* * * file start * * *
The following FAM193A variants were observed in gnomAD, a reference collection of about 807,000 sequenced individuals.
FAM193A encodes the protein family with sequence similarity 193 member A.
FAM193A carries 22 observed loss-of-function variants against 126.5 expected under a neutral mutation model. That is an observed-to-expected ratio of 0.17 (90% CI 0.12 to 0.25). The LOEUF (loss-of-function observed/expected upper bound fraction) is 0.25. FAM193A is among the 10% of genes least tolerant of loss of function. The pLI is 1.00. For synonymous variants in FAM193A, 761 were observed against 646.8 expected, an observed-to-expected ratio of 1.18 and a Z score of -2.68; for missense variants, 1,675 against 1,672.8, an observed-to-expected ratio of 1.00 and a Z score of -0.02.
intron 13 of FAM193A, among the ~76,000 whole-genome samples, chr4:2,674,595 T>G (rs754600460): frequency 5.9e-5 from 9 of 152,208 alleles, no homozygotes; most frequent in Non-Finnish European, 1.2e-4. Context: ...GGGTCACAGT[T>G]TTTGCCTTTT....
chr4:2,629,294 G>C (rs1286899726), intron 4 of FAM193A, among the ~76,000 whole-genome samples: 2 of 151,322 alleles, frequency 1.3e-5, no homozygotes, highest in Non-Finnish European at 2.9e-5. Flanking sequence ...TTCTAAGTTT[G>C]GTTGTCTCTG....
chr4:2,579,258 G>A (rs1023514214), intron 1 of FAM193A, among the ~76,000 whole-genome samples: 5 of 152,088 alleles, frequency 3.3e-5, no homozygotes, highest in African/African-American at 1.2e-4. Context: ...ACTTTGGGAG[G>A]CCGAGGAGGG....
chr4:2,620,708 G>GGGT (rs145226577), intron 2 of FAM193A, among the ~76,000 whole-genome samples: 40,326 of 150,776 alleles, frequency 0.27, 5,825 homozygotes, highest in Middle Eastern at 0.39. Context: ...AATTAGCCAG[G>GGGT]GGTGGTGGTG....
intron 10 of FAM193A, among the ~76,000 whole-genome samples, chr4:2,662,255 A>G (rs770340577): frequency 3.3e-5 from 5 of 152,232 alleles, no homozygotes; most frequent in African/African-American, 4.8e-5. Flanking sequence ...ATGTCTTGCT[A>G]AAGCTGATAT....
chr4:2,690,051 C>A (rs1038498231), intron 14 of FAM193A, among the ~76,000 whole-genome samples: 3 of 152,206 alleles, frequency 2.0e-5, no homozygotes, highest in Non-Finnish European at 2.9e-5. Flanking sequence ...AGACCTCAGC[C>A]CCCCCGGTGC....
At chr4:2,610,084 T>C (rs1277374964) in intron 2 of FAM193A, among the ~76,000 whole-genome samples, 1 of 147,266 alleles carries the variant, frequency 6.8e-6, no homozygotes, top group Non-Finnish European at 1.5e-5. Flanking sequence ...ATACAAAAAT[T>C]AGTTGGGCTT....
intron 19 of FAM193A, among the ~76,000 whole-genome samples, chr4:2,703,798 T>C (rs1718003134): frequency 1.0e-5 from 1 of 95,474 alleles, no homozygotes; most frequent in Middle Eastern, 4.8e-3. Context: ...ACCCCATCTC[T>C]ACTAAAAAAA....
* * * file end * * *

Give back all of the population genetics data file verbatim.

The following FAM193A variants were observed in gnomAD, a reference collection of about 807,000 sequenced individuals.
FAM193A encodes the protein family with sequence similarity 193 member A.
FAM193A carries 22 observed loss-of-function variants against 126.5 expected under a neutral mutation model. That is an observed-to-expected ratio of 0.17 (90% CI 0.12 to 0.25). The LOEUF (loss-of-function observed/expected upper bound fraction) is 0.25. FAM193A is among the 10% of genes least tolerant of loss of function. The pLI is 1.00. For synonymous variants in FAM193A, 761 were observed against 646.8 expected, an observed-to-expected ratio of 1.18 and a Z score of -2.68; for missense variants, 1,675 against 1,672.8, an observed-to-expected ratio of 1.00 and a Z score of -0.02.
intron 13 of FAM193A, among the ~76,000 whole-genome samples, chr4:2,674,595 T>G (rs754600460): frequency 5.9e-5 from 9 of 152,208 alleles, no homozygotes; most frequent in Non-Finnish European, 1.2e-4. Context: ...GGGTCACAGT[T>G]TTTGCCTTTT....
chr4:2,629,294 G>C (rs1286899726), intron 4 of FAM193A, among the ~76,000 whole-genome samples: 2 of 151,322 alleles, frequency 1.3e-5, no homozygotes, highest in Non-Finnish European at 2.9e-5. Flanking sequence ...TTCTAAGTTT[G>C]GTTGTCTCTG....
chr4:2,579,258 G>A (rs1023514214), intron 1 of FAM193A, among the ~76,000 whole-genome samples: 5 of 152,088 alleles, frequency 3.3e-5, no homozygotes, highest in African/African-American at 1.2e-4. Context: ...ACTTTGGGAG[G>A]CCGAGGAGGG....
chr4:2,620,708 G>GGGT (rs145226577), intron 2 of FAM193A, among the ~76,000 whole-genome samples: 40,326 of 150,776 alleles, frequency 0.27, 5,825 homozygotes, highest in Middle Eastern at 0.39. Context: ...AATTAGCCAG[G>GGGT]GGTGGTGGTG....
intron 10 of FAM193A, among the ~76,000 whole-genome samples, chr4:2,662,255 A>G (rs770340577): frequency 3.3e-5 from 5 of 152,232 alleles, no homozygotes; most frequent in African/African-American, 4.8e-5. Flanking sequence ...ATGTCTTGCT[A>G]AAGCTGATAT....
chr4:2,690,051 C>A (rs1038498231), intron 14 of FAM193A, among the ~76,000 whole-genome samples: 3 of 152,206 alleles, frequency 2.0e-5, no homozygotes, highest in Non-Finnish European at 2.9e-5. Flanking sequence ...AGACCTCAGC[C>A]CCCCCGGTGC....
At chr4:2,610,084 T>C (rs1277374964) in intron 2 of FAM193A, among the ~76,000 whole-genome samples, 1 of 147,266 alleles carries the variant, frequency 6.8e-6, no homozygotes, top group Non-Finnish European at 1.5e-5. Flanking sequence ...ATACAAAAAT[T>C]AGTTGGGCTT....
intron 19 of FAM193A, among the ~76,000 whole-genome samples, chr4:2,703,798 T>C (rs1718003134): frequency 1.0e-5 from 1 of 95,474 alleles, no homozygotes; most frequent in Middle Eastern, 4.8e-3. Context: ...ACCCCATCTC[T>C]ACTAAAAAAA....